Preserving tradition with a grass roof In2EastAfrica East African news, Headlines,

Preserving tradition with a grass roof In2EastAfrica East African news, Headlines,

Ms Sharon Atwogeirwe has always admired grass thatched houses. However, she doesn’t know if she will ever achieve her dream because different people that she has confided in say that it’s expensive putting up one. Since she has only seen such structures in bars, restaurants and lodges, she has come to believe them.

Ms Asha Williams who owns a lodge with her husband is someone that Ms Atwogeirwe needs to listen to in order for her to believe that she can have a cost-effective grass thatched house.

“A grass thatched house is a lot more classy and peaceful, especially during the rain because you won’t hear a drop of rain on the roof,” she says.

Although Ms Williams doesn’t disapprove of modern roofing systems (tiles and iron sheets), she says they have dominated the African traditional roofing grass thatching. “Steel is so tacky and tiles are the worst idea for a roof,” she says.

She argues that people don’t seem to realise that grass thatch is one classy thing if nicely done though it also depends on the type of grass and the way it is tied and placed. The couple haven’t replaced the grass on their structure because of the type of grass they used.

“According to research, it should last for 25 years before replacing and with the Ugandan weather, I think it should last longer,” Ms Williams explains. However, other experts differ as explained below.

Construction process

Mr Moses Nsubuga, an architect with Creation Architects, says the construction process is not any different from the other houses that may be roofed with tiles or iron sheets. All one needs are professional engineers to pull off the work very well. For the roof to stay intact for a long period, the grass layer has to be 150 metres thick.

“The pitch range of the iron sheets matters, so does the one for the grass. It should range from 45 degrees and above,” he explains. He adds that this helps the water to find its way off the roof. Grass is a product that is perishable; therefore, one should add another layer quarterly or every after six months.

Also, one cannot wait for a year to add another layer because every time the wind blows, it takes away some grass. Mr Nsubuga says the pitch should be done perfectly for the lines to be straight to give it that organised look. There are times when weed grows on top of the roof (thatch) and he explains that this happens when the grass was not well treated.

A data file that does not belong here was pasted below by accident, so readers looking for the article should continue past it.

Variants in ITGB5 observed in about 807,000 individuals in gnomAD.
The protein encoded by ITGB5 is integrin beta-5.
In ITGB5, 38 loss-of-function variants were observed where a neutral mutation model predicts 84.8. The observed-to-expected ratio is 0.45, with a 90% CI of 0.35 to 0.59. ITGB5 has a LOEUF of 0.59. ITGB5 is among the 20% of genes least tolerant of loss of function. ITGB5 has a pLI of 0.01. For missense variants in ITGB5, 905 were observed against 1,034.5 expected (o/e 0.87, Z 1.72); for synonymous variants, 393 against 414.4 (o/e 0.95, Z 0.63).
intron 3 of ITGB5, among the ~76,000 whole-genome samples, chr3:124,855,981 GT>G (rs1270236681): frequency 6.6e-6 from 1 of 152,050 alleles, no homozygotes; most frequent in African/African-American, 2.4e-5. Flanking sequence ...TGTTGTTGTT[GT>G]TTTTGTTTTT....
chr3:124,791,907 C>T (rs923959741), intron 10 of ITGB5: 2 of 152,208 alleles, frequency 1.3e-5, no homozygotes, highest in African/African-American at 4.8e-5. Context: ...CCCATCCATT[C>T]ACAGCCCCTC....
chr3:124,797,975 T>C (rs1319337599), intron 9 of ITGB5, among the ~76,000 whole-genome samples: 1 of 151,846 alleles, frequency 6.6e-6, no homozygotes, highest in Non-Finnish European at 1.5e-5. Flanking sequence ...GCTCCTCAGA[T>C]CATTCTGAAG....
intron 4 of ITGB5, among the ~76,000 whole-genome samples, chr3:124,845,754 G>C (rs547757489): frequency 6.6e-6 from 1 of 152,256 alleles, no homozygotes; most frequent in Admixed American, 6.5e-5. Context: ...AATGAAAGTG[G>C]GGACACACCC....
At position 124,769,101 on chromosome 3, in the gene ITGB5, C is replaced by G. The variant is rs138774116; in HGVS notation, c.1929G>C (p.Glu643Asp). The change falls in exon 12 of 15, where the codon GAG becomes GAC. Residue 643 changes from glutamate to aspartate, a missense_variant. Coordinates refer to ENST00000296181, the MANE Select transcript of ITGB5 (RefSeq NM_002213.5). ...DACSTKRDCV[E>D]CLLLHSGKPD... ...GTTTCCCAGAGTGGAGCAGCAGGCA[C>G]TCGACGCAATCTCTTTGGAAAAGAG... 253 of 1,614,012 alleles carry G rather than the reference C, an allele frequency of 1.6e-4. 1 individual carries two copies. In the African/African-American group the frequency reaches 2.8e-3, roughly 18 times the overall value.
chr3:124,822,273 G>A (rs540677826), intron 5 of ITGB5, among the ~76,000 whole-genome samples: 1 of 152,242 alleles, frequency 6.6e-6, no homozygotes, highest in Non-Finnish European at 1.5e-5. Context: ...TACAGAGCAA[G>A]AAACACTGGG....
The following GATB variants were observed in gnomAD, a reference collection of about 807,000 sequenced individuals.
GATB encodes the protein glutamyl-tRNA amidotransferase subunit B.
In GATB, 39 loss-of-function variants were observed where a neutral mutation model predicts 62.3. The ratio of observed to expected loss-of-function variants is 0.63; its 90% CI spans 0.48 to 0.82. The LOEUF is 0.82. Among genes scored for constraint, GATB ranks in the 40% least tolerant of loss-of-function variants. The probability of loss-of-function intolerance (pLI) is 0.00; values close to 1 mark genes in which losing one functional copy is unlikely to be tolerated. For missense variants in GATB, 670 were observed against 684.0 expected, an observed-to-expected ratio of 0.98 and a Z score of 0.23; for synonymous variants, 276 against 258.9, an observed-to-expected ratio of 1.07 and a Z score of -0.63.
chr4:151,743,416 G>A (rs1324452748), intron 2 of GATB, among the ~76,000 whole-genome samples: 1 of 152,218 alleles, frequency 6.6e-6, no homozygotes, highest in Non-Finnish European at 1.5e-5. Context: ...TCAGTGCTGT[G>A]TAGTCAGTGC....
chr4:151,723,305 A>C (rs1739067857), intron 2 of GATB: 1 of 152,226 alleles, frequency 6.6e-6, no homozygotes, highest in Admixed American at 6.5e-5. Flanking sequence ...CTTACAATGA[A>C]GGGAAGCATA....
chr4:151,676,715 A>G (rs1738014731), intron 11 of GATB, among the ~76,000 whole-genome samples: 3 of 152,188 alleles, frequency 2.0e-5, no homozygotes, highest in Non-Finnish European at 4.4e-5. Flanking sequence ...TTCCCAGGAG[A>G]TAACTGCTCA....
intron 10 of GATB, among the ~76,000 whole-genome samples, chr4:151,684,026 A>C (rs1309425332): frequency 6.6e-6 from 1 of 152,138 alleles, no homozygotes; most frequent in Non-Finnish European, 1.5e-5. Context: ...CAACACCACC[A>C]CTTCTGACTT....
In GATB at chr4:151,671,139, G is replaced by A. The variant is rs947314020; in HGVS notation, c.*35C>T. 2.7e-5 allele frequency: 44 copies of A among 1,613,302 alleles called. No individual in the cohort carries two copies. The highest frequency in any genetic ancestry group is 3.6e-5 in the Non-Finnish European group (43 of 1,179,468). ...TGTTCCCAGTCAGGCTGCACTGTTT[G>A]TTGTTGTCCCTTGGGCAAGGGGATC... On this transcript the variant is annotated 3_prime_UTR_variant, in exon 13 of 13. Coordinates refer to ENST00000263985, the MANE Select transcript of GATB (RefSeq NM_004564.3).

“That shows that the grass has decomposed; therefore, the drainage needs replacement.”  According to Mr Nsubuga, a ceiling in a grass thatched house is unnecessary.

House wiring

Wiring the house is as important as any other activities in the construction process that should be paid attention too. According to Mr Mike Kusiima, an engineer and principal consultant with Kea Group, the design level of the house should be done by a qualified engineer. The sizing of the power cables matter.

Like any other buildings, when planning and building the grass thatched house, the professional should follow the international guidelines. “Currently, we follow the British standards. We also follow the Institution of Engineering and Technology (IET) wiring regulations,” he says.

He insists that if installation is not done well, then there will be a risk to electric shock and fire outbreak because the roofs are flammable.

Where to build

The grass thatched houses are often built away the city because of the congestion. Mr Nsubuga says, “KCC has not gazetted it because of the fire that may break out.”

Preserving tradition with a grass roof In2EastAfrica East African news, Headlines,

He argues that if they are to be built in the city, there should be a difference of 10 metres to another building, which he thinks t is next to impossible.

The price

Ms Williams says each bunch of grass cost them USh1,500 to finish their Kyaninga Lodge (the name was derived from the Crater Lake that it overlooks) located in Fort portal. According to Mr Kakumbe, grass could cost from USh400,000 a track depending on where one is buying it from and transportation. He says when you put together the costs of transporting, harvesting, sorting, it would add up to USh4 million for a track.

There are no manufacturers but he says one can find it upcountry like in the eastern parts of the country and Ssese Islands. It can also be imported from the Southern Africa. Mr Kankumbe agrees with him and says most grass thatched houses are found up-country because the environment there is friendly. They both argue that people have not yet embraced the idea of the grass thatched houses because they are pretty expensive in both the construction process and maintenance. Mr Nsubuga says a grass thatched house may cost 60 per cent extra of what the other roofing materials would cost.

Advantages

Since the grass is natural, Mr Kankumbe, an architect with Absolute Designs says that it blends well with the environment. He adds that it also has an appealing look and that is why it is used for hotels and lodges. Also, the grass is not heavy; therefore, it can go on any building material- both weak and strong. Some leisure centres prefer grass thatched houses because they create a cool atmosphere.

Disadvantages

Mr Nsubuga says for one to start building a grass thatched house, they should have enough money. The building process, labour and materials are quite expensive.

By Sharon Omurungi, The Citizen


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